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COVID-19: London macroeconomic scenarios (February 2022 update)

GLA Economics published its latest macroeconomic scenarios-based forecast for London at the end of February. These scenarios have formed part of wider work on the impact of the COVID-19 pandemic on London’s economy, and they have been informed by expert consultation and existing literature on pandemics and macroeconomic scenarios[1]. The two main outcome variables are real Gross Value Added (GVA) – a measure of London’s output – and workforce jobs (WFJ) – a measure of employment. We project both variables over the medium term (to the end of 2024) and we also project GVA over the longer term (to 2031).

In this context, we have developed three main macroeconomic scenarios for London founded on three sets of plausible narratives for the economy.

  1. Fast economic recovery (an optimistic but plausible scenario)
  2. Gradual return to economic growth (the GLA Economics baseline reference scenario)
  3. Slow economic recovery (a plausible pessimistic case)

These scenarios are not definite predictions about the only possible paths for the economy, nor do they represent optimal policy responses. Instead, they rely on judgements around several key assumptions, including the effectiveness of the public health response to the pandemic, and the impact of economic support measures[2]. The scenarios also do not capture the full range of uncertainty about the future, which is likely to be much wider.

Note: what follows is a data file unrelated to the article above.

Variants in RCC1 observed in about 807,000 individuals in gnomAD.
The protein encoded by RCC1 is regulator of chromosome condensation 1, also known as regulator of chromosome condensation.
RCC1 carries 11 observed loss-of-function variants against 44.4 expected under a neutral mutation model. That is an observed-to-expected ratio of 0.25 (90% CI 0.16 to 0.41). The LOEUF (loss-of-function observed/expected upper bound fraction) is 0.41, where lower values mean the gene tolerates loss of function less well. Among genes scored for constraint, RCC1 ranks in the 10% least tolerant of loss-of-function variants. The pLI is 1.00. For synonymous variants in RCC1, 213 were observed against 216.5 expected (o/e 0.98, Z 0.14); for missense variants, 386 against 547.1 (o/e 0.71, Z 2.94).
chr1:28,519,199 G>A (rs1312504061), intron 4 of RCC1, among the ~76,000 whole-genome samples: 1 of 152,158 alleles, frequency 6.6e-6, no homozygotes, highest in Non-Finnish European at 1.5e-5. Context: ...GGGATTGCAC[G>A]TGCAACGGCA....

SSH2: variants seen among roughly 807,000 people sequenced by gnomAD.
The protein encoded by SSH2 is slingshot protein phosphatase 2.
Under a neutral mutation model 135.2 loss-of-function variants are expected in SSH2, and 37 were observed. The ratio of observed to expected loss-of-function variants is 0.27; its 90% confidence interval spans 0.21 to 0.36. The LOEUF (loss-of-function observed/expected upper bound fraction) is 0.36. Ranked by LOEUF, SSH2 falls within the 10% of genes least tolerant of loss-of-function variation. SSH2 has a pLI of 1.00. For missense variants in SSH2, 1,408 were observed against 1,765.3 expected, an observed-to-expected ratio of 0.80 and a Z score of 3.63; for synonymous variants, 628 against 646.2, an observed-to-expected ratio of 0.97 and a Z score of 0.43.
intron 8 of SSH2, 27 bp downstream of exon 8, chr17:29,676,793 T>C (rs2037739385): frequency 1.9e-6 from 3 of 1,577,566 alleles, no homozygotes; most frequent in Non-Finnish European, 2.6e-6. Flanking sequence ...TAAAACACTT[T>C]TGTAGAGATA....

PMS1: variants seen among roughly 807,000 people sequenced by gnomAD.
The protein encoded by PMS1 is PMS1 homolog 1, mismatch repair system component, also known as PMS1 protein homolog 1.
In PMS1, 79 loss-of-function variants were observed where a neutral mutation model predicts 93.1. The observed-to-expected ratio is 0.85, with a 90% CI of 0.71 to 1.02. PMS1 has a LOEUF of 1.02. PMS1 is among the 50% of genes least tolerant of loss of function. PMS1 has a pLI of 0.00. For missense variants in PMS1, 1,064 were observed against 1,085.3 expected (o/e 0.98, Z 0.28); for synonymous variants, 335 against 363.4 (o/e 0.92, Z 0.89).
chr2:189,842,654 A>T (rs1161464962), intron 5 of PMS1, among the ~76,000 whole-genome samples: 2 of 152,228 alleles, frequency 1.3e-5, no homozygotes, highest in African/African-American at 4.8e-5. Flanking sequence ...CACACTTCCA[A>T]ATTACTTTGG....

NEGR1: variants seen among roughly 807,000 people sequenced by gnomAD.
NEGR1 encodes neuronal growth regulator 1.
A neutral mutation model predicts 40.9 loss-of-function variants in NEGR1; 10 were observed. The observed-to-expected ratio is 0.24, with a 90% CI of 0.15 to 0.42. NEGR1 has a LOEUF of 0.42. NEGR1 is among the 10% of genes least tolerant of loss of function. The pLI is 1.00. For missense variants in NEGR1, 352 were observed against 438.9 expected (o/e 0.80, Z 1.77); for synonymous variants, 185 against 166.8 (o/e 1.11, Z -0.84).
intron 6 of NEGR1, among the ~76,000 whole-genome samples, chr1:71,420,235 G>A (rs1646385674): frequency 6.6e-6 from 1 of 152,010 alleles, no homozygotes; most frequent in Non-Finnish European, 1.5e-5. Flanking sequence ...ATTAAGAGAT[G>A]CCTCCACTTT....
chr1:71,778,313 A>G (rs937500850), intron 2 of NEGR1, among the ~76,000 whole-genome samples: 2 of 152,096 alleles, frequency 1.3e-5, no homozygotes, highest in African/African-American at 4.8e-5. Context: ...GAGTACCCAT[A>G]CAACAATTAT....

Within this framework, we can set out the narrative and key results of the main scenarios. Scenario 2 is our baseline, involving a gradual return to economic growth. While this scenario incorporates the pace of last year’s rapid recovery following positive economic data, it is much less optimistic about the progress of the recovery from this year onwards.  This is due to higher than expected inflation squeezing real household incomes, creating a drag on consumer demand.  The negative effects of higher inflation, which is likely to rise further as a result of the war in Ukraine, more than outweigh the positive news of a more modest than expected impact from ‘Plan B’ restrictions to contain the Omicron variant.

These scenarios were published in the week following Russia’s invasion of Ukraine. There is significant uncertainty around the impact of the war. Assuming conflict does not escalate beyond Ukraine, the main direct impact on London is likely to be through higher energy prices due to concerns over Russian oil and gas supply. However, uncertainty around the scale of this effect and other potential impacts from sanctions sharpen the downside risk to the outlook. We expect rising inflation and tax changes announced last year to hit household incomes, restraining the consumer recovery, and as concerns over Russian energy supplies keep imported costs high, this will contribute to a bumpy path for activity in H1 2022.

Scenario 1, a plausible upside, involves a faster economic recovery. In this scenario, we assume that deaths from COVID-19 rapidly fall to levels similar to endemic diseases like flu as vaccines reduce the pool of individuals susceptible to severe infections and antiviral treatments become increasingly effective. We also assume that strong labour demand means tightening macro policy does not dampen the employment recovery, allowing consumers to release more of their stock of excess savings from the pandemic. The boost to demand raises output and employment, prompting stronger business investment and eliminating the medium-term output scarring in our baseline.